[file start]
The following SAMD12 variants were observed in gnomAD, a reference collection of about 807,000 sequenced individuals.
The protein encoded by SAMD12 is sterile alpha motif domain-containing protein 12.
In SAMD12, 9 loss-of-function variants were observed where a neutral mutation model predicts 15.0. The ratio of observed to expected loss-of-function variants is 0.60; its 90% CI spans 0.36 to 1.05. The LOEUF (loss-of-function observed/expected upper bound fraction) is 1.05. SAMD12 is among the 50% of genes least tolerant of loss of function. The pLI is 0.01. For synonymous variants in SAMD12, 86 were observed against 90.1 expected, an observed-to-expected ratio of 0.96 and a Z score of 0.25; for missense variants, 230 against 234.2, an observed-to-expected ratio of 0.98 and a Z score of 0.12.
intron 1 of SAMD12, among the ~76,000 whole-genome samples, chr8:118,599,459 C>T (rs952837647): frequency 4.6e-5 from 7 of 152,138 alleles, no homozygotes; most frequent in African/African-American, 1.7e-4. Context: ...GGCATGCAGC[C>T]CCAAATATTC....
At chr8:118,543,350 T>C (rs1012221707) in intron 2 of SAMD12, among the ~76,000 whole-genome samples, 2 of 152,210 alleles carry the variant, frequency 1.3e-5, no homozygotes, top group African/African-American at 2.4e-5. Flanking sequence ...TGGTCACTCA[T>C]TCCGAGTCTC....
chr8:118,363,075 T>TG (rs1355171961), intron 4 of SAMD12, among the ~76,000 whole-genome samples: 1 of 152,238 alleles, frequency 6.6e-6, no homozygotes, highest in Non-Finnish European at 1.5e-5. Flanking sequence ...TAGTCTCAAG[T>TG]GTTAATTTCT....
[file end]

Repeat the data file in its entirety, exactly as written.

The following SAMD12 variants were observed in gnomAD, a reference collection of about 807,000 sequenced individuals.
The protein encoded by SAMD12 is sterile alpha motif domain-containing protein 12.
In SAMD12, 9 loss-of-function variants were observed where a neutral mutation model predicts 15.0. The ratio of observed to expected loss-of-function variants is 0.60; its 90% CI spans 0.36 to 1.05. The LOEUF (loss-of-function observed/expected upper bound fraction) is 1.05. SAMD12 is among the 50% of genes least tolerant of loss of function. The pLI is 0.01. For synonymous variants in SAMD12, 86 were observed against 90.1 expected, an observed-to-expected ratio of 0.96 and a Z score of 0.25; for missense variants, 230 against 234.2, an observed-to-expected ratio of 0.98 and a Z score of 0.12.
intron 1 of SAMD12, among the ~76,000 whole-genome samples, chr8:118,599,459 C>T (rs952837647): frequency 4.6e-5 from 7 of 152,138 alleles, no homozygotes; most frequent in African/African-American, 1.7e-4. Context: ...GGCATGCAGC[C>T]CCAAATATTC....
At chr8:118,543,350 T>C (rs1012221707) in intron 2 of SAMD12, among the ~76,000 whole-genome samples, 2 of 152,210 alleles carry the variant, frequency 1.3e-5, no homozygotes, top group African/African-American at 2.4e-5. Flanking sequence ...TGGTCACTCA[T>C]TCCGAGTCTC....
chr8:118,363,075 T>TG (rs1355171961), intron 4 of SAMD12, among the ~76,000 whole-genome samples: 1 of 152,238 alleles, frequency 6.6e-6, no homozygotes, highest in Non-Finnish European at 1.5e-5. Flanking sequence ...TAGTCTCAAG[T>TG]GTTAATTTCT....